I remember when I used to think that differentiation was a dirty word. It just meant lots of extra work for me with no real results for my students.

I’ve seen some pretty awful examples of it too. There are two that spring to mind. The first is the “colour-coded worksheets”. Yes, I have witnessed a student being given a worksheet printed on red paper, while his peers sitting on either side of him were given green ones. Can you IMAGINE his inner dialogue here? You may as well stick a flashing “I’m failing” light to his head! An trust me, even if you are cunning enough to use cerise, taupe and bitter chocolate instead of red, amber and green, it’ll take your students about thirty seconds to figure out your secret differentiation code.

The other example was a lesson plan where the teacher had written down a differentiated question that she was going to ask each individual student in her lesson plan. I’m assuming that took her about two hours to prepare and took up most of the lesson. But what did the students get out of it? They answered one question (and a closed one at that) all lesson. I would dare to suggest that this is not effective teaching or learning.

I have now come to regard differentiation as a friend. Well, that might be taking it a bit far but it is certainly a classroom tool that I wouldn’t be without. Here are five simple techniques you can use to differentiate the learning for your students.

 

  1. If you know your class, it is simple to differentiate by grouping. All it takes is the avoidance of the generic “get into groups of four” instruction and a little thought. Do you have a really shy student who always needs plenty of support? Put them in a group with the student who wants to be a teacher. It’s all about knowing your students and thinking about ways to make them work at their best.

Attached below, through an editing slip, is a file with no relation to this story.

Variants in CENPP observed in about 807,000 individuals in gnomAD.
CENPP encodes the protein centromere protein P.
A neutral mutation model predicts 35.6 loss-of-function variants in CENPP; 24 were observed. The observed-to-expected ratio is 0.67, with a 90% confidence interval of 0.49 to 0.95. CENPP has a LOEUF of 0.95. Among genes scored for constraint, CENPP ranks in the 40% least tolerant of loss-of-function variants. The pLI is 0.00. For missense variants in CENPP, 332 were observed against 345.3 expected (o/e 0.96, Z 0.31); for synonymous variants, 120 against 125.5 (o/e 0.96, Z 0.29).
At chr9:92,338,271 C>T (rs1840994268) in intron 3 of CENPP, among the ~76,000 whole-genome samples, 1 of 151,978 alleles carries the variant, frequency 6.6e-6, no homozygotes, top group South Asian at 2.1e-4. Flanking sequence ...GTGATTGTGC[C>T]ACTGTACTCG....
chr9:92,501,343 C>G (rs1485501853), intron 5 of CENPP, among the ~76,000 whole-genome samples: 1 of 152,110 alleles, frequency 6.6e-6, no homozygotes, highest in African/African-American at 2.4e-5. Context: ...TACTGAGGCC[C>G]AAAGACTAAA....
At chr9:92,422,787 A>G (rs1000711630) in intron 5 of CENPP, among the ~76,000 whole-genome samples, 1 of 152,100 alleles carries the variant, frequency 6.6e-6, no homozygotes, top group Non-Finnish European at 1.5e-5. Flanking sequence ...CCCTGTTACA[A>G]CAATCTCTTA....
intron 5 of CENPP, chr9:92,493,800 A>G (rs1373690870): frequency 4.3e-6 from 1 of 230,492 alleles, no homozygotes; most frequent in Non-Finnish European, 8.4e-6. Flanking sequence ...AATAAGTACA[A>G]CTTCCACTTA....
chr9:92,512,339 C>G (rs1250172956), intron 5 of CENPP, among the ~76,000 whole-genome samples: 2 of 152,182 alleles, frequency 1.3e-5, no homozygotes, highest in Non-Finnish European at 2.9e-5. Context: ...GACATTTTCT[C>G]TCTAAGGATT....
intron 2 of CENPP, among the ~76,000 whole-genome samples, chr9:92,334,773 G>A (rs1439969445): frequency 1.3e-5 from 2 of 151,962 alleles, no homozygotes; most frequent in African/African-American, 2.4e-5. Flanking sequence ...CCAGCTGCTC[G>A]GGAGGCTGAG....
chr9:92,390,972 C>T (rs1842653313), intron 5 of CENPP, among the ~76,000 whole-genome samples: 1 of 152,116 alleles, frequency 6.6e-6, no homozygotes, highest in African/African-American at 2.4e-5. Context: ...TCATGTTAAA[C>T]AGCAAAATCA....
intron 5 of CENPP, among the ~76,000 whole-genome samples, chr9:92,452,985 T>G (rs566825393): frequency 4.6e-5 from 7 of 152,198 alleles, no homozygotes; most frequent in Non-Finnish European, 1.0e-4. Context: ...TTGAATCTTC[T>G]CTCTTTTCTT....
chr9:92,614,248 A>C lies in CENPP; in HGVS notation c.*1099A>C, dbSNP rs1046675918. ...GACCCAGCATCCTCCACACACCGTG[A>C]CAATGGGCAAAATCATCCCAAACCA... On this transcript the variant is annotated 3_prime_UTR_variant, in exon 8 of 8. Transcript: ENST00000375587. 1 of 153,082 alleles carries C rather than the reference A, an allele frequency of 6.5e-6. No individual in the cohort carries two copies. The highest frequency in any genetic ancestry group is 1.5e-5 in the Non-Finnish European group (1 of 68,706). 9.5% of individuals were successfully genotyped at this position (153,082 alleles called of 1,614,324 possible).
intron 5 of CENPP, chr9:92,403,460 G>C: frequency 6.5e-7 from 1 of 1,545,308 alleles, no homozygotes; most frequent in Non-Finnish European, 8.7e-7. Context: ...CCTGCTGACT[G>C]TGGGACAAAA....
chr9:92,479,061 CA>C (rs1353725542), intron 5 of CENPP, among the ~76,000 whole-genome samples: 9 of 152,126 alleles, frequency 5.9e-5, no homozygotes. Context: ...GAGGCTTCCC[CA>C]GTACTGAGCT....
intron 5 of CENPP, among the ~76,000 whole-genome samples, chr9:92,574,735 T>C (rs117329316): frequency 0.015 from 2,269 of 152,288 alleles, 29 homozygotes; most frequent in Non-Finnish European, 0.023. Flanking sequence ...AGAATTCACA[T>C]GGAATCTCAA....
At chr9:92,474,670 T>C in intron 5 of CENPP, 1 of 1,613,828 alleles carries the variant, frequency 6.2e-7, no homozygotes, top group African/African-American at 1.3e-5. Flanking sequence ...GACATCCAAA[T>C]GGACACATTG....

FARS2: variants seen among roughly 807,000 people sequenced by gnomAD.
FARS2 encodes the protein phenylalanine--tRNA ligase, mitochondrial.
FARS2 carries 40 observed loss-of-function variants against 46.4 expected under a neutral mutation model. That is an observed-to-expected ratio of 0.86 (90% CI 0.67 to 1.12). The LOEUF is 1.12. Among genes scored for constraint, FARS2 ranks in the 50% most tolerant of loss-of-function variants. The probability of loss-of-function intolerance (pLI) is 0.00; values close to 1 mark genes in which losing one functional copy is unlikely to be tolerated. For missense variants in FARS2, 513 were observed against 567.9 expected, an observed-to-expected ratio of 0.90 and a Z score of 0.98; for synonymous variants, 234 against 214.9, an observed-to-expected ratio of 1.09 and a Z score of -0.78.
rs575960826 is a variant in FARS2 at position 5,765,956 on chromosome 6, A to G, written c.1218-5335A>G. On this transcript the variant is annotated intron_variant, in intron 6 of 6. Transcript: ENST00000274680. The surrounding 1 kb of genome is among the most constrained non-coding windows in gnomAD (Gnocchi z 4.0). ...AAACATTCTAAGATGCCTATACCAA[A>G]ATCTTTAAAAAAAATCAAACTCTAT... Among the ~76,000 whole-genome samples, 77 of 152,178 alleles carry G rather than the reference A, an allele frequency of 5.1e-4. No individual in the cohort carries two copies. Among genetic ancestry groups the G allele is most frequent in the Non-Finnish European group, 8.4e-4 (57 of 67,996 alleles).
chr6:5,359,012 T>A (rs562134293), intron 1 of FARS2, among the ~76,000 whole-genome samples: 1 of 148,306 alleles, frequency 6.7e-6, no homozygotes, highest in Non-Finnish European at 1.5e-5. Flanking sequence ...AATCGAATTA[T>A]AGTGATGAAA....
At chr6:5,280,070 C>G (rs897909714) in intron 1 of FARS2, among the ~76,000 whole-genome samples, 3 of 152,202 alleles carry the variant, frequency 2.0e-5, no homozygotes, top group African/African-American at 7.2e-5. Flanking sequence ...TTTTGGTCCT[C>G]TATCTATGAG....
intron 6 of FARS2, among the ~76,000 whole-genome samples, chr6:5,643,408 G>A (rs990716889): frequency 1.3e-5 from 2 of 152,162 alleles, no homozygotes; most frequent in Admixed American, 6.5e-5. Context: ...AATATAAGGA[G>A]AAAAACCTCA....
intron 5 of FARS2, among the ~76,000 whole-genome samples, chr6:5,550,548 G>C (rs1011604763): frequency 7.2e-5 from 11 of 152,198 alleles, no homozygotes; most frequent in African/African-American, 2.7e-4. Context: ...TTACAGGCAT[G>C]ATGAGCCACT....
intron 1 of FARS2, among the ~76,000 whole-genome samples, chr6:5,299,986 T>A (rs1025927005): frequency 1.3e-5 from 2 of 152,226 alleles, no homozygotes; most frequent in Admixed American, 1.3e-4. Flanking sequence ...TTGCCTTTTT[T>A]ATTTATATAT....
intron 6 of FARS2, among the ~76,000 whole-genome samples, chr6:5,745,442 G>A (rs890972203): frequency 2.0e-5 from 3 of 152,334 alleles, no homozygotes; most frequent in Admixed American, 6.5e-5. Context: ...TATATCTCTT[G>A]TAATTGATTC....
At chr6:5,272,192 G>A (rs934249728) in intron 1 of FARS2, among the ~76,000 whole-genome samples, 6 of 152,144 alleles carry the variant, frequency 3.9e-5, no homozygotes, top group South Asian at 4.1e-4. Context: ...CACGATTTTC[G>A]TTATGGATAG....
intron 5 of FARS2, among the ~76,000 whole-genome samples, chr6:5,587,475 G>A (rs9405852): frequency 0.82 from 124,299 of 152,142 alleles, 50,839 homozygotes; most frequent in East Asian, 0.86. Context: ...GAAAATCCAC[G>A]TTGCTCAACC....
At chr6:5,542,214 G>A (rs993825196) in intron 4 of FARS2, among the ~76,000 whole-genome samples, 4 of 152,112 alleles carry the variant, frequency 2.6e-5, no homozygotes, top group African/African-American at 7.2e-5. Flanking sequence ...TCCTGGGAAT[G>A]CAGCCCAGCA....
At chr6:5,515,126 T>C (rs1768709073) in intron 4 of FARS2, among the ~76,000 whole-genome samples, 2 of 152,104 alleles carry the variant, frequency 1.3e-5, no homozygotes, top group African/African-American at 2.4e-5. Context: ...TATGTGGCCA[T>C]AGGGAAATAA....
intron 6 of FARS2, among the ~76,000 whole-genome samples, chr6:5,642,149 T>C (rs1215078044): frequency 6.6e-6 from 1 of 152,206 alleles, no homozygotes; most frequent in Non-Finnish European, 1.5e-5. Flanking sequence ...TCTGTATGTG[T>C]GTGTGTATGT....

1. Open ended questioning. This also takes a little planning but is worth it for the results. Try to plan and ask questions which don’t have a pre-determined right answer. These types of questions can stimulate further thinking and development.

 

  1. Freedom of choice. Of course, this can’t be done all of the time but if you are asking your class to write an article, allow them to make the choice of topic.

 

  1. Presentation of material. With the best will in the world, I sometimes get stuck in a presentational rut. A few years ago I learnt how to create a Prezi, so my poor classes were subjected to them lesson after lesson. Some even got a little seasick but I carried on regardless. I still used them now and again but I mix them up with a variety of presentations. It is easy to forget that all students do not learn in the same way.

 

  1. By outcome. Early in my teaching career I used to put “by outcome” in the differentiation box when I didn’t know what else to put. As a method it has got a bit of a bad reputation now but for no good reason if it is used properly. It simply means giving students the same task, but seeing a variety of results. I personally think this is a good thing. A task such as “Create a piece of drama that reveals something about the character’s home life” can create some exciting and varied responses. The key to using this technique productively is to plan a task which is open enough to work on several levels.

 

Do you have a differentiation technique you’d like to share? Please feel free to do so below!

Differentiation

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